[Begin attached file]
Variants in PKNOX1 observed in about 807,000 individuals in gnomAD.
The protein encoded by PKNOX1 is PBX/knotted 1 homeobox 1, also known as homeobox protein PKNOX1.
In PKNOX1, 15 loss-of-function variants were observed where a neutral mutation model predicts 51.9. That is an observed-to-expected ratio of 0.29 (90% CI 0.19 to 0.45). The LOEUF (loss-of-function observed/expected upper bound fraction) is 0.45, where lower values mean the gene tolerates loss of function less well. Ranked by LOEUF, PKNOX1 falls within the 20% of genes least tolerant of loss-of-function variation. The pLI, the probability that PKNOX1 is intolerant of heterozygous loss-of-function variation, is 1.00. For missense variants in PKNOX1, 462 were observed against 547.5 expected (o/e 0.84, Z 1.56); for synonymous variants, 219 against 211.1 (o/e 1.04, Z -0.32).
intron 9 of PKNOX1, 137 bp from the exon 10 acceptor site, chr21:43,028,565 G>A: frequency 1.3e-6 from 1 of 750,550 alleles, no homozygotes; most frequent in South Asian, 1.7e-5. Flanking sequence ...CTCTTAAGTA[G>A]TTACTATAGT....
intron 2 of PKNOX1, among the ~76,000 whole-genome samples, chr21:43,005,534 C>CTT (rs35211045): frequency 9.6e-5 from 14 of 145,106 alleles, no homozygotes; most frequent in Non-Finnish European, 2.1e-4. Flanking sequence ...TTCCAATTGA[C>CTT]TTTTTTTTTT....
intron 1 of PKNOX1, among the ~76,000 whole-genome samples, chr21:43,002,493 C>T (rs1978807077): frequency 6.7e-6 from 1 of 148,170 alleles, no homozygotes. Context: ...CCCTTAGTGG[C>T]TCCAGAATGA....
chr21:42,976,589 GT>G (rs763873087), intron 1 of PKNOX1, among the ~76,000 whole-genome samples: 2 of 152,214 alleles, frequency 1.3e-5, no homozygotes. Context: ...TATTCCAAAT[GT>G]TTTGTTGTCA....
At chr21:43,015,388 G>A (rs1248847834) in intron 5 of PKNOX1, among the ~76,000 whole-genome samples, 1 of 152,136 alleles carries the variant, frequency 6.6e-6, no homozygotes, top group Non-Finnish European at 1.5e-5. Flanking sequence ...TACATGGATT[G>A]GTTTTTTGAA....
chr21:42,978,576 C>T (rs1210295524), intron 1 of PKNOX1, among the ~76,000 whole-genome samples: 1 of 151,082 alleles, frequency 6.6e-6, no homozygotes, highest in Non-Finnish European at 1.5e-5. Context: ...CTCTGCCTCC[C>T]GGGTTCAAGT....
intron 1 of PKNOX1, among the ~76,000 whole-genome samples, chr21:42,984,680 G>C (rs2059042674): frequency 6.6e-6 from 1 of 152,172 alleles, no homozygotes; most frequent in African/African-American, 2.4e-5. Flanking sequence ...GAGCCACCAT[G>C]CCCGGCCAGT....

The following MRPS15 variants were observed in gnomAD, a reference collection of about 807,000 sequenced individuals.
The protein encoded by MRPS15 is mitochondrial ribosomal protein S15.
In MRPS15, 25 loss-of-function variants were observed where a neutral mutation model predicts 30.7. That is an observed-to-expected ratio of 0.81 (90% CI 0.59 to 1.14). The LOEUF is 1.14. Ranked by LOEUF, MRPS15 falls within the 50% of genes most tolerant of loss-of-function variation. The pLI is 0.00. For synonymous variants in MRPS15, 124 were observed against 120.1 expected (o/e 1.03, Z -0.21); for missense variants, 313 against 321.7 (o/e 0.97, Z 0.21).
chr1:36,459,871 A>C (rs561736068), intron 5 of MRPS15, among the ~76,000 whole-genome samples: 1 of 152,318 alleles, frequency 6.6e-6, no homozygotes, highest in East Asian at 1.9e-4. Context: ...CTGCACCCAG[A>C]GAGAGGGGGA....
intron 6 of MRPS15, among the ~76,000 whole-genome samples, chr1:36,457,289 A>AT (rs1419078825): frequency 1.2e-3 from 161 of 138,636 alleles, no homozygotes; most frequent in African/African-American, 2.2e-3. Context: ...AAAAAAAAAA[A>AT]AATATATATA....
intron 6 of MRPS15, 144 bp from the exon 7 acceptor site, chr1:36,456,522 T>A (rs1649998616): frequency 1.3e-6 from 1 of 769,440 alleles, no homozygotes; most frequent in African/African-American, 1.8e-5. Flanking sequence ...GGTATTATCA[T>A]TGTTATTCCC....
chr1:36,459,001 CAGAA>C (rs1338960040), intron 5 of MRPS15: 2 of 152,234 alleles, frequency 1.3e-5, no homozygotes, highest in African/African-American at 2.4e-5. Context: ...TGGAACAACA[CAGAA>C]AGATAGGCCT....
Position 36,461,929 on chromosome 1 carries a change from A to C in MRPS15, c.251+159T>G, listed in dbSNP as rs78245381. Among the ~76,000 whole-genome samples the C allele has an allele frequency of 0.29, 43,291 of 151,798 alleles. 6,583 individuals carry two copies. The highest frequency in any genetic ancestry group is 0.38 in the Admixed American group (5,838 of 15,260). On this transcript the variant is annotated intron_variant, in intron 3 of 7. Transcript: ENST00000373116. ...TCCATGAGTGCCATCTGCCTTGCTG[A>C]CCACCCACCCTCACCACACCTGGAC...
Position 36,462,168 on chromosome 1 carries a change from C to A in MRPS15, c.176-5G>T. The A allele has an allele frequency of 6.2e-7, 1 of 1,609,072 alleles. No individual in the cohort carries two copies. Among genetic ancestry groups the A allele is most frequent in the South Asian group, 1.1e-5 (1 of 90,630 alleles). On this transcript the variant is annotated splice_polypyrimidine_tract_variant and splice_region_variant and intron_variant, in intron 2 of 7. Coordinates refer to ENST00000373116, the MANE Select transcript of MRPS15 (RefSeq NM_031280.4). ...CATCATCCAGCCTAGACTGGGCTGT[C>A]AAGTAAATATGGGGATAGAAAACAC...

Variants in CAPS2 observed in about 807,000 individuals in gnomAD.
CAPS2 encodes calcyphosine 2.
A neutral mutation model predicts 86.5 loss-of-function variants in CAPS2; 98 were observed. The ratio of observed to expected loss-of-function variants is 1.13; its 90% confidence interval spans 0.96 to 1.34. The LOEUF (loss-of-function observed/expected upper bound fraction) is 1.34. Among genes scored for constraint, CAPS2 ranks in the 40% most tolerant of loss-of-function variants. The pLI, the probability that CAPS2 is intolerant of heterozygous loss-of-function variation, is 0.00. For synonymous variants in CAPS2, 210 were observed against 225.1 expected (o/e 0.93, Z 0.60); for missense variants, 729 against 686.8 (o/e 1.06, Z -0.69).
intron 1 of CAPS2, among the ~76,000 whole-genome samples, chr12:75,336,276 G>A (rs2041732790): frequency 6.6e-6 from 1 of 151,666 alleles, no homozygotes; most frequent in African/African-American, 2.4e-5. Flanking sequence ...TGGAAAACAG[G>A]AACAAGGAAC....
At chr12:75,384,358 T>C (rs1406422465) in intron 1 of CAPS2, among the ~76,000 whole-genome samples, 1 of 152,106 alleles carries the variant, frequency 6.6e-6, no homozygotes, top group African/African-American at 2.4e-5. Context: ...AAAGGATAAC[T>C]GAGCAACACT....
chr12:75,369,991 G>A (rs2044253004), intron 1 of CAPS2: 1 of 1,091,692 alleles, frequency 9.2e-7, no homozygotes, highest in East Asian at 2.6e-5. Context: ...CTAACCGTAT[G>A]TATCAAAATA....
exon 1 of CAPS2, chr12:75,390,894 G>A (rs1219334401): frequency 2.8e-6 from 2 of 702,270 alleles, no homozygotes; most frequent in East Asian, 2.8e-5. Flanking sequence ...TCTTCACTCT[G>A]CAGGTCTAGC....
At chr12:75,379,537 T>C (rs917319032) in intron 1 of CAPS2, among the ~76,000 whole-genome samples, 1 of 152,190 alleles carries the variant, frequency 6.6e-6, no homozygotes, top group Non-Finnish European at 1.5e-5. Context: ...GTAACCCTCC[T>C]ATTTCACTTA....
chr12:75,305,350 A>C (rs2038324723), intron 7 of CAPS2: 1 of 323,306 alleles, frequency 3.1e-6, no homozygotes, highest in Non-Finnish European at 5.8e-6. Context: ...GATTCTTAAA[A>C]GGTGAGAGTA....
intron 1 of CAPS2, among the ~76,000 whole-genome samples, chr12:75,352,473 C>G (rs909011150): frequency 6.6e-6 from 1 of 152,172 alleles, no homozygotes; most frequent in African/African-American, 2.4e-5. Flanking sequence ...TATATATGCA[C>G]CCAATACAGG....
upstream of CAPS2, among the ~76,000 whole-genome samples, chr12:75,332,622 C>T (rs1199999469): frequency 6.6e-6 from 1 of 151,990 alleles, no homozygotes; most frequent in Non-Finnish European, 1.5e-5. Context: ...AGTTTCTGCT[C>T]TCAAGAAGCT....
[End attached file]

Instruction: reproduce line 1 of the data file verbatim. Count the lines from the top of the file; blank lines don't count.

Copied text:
Variants in PKNOX1 observed in about 807,000 individuals in gnomAD.